It would not be an exaggeration to say that Australia is “militarizing” the Coral Sea. It is renovating naval facilities to be able to host Australian and presumably U.S. naval assets; signing new, beefed-up security agreements with neighboring countries; deploying troops in the region; providing neighbors with naval assets (Australia plans to provide 21 Guardian-class vessels to 12 Pacific nations and East Timor by 2023); and spending money on development projects like undersea high-speed internet cables for the Solomon Islands – among other things. The goal is simple: Make sure that no foreign power hostile to Australia’s interests can use these countries to block trade in and out of Australia, or in a worst-case scenario, as a springboard for invasion.

China can no more prevent Australia from securing control over the Coral Sea than Australia can prevent China from securing control over the South China Sea. (As for the East China Sea, that will remain in Japanese hands for as long as the Japanese navy outclasses the Chinese, and for as long as Japan remains a stalwart U.S. ally – in other words, for quite a long time.) Nor does either have an imperative to conquer the other’s backyard. In effect, what both China and Australia are doing is clearly drawing their defensive lines – and there is a great deal of water and land between the lines being drawn. Indeed, there are three buffer states of particular import between China and Australia: Indonesia, Malaysia and the Philippines. It is in these three countries that the real battle for supremacy in the Pacific will primarily be fought in the coming decades. That competition, however, is still in its infancy. For now, two regional powers are shoring up their greatest weaknesses from external threats, and Australia, with fewer obstacles to overcome, has a head start.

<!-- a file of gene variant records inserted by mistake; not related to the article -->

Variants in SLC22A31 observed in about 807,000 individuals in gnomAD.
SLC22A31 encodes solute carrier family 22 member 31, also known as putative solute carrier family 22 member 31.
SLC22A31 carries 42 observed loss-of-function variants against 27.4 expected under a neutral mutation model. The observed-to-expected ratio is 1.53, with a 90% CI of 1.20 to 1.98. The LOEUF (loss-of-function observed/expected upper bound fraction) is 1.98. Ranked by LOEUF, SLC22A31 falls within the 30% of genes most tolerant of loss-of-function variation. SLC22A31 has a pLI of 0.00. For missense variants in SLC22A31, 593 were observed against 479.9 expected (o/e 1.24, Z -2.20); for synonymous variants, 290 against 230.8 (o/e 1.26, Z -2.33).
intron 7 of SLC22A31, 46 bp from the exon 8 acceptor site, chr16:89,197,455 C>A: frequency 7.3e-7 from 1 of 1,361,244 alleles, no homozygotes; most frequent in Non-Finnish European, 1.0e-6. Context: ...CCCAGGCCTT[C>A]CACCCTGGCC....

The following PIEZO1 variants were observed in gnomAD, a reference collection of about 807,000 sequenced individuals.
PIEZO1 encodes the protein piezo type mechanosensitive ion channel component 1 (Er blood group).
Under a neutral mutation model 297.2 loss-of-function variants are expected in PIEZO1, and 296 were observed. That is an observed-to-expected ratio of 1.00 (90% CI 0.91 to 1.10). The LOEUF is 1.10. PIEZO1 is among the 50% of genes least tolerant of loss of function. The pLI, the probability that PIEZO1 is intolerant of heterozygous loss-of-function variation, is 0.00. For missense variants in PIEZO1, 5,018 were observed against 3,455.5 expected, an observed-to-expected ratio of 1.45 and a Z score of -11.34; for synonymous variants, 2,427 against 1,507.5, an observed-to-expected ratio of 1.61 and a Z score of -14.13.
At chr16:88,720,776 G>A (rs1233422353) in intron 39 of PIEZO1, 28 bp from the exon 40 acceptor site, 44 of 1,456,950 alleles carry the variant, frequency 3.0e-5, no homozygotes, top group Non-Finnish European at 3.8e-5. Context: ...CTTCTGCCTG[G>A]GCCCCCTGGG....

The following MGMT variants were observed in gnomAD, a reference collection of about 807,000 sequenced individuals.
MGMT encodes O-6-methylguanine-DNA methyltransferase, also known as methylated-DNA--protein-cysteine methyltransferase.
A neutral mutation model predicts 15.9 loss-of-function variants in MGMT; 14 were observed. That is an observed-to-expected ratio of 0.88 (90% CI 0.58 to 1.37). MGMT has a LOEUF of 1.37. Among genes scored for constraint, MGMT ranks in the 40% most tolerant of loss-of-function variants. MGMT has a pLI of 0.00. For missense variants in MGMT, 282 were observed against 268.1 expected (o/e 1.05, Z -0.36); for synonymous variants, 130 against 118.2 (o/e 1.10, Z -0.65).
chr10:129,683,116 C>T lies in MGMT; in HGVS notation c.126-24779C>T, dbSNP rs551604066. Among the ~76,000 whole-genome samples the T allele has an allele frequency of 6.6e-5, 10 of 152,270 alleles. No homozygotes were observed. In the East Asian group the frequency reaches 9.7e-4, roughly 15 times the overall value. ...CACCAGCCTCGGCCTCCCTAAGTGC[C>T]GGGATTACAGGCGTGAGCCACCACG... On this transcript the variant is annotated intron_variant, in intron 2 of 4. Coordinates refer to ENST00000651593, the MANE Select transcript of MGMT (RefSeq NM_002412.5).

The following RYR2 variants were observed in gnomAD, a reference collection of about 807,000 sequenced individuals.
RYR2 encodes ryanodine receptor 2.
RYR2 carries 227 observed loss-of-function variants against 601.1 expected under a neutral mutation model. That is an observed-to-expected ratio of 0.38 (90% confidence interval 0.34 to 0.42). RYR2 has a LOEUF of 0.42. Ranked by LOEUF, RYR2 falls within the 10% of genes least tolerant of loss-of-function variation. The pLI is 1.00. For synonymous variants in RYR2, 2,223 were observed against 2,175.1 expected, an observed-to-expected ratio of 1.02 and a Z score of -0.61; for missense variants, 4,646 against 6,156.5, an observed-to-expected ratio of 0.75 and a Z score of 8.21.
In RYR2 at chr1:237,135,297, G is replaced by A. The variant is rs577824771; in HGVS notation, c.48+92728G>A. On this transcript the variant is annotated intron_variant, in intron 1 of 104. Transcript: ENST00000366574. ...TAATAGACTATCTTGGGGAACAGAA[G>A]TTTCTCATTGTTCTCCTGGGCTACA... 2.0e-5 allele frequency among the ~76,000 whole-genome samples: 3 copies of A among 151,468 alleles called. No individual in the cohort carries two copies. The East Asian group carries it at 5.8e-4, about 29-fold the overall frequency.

Jacob L. Shapiro
Jacob L. Shapiro is a geopolitical analyst who explains and predicts global trends. He is the director of analysis for Geopolitical Futures, a position he has held since the company’s founding in 2015. He oversees a team of analysts, the company’s forecasting process and the day-to-day analysis of important geopolitical developments. Mr. Shapiro is a regular speaker at international conferences and has appeared both in print and on television as an expert on international affairs in such places as MSNBC, CNBC, the New York Times and Fox News. Prior to Geopolitical Futures, Mr. Shapiro worked at Stratfor as an analyst and as the director of the operations center. He joined Geopolitical Futures to help found a new company dedicated to publishing excellent analysis and accurate forecasts based on the geopolitical method Dr. Friedman pioneered. Mr. Shapiro holds a master’s degree from Oxford University, where he won an award for his dissertation on the link between philosophy and mysticism in 20th century Jewish thought. He also holds a bachelor’s degree from Cornell University in Near Eastern studies.